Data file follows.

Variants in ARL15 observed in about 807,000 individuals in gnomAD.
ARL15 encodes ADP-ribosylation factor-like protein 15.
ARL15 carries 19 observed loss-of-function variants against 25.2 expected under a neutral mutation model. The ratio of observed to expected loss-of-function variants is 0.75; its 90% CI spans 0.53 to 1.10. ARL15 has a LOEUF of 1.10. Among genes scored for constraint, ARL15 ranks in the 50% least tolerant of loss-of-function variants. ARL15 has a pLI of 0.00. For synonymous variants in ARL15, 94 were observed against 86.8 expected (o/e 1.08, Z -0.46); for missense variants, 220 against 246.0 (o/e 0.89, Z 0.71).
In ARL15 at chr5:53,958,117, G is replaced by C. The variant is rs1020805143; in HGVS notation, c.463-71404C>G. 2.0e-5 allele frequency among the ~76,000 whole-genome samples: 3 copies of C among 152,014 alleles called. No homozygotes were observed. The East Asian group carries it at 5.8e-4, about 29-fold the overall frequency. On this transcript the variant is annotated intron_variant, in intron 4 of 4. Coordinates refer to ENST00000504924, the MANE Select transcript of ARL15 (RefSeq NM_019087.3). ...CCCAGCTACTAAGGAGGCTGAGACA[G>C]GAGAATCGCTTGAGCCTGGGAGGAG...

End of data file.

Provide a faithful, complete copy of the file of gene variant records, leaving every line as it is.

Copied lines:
Variants in ARL15 observed in about 807,000 individuals in gnomAD.
ARL15 encodes ADP-ribosylation factor-like protein 15.
ARL15 carries 19 observed loss-of-function variants against 25.2 expected under a neutral mutation model. The ratio of observed to expected loss-of-function variants is 0.75; its 90% CI spans 0.53 to 1.10. ARL15 has a LOEUF of 1.10. Among genes scored for constraint, ARL15 ranks in the 50% least tolerant of loss-of-function variants. ARL15 has a pLI of 0.00. For synonymous variants in ARL15, 94 were observed against 86.8 expected (o/e 1.08, Z -0.46); for missense variants, 220 against 246.0 (o/e 0.89, Z 0.71).
In ARL15 at chr5:53,958,117, G is replaced by C. The variant is rs1020805143; in HGVS notation, c.463-71404C>G. 2.0e-5 allele frequency among the ~76,000 whole-genome samples: 3 copies of C among 152,014 alleles called. No homozygotes were observed. The East Asian group carries it at 5.8e-4, about 29-fold the overall frequency. On this transcript the variant is annotated intron_variant, in intron 4 of 4. Coordinates refer to ENST00000504924, the MANE Select transcript of ARL15 (RefSeq NM_019087.3). ...CCCAGCTACTAAGGAGGCTGAGACA[G>C]GAGAATCGCTTGAGCCTGGGAGGAG...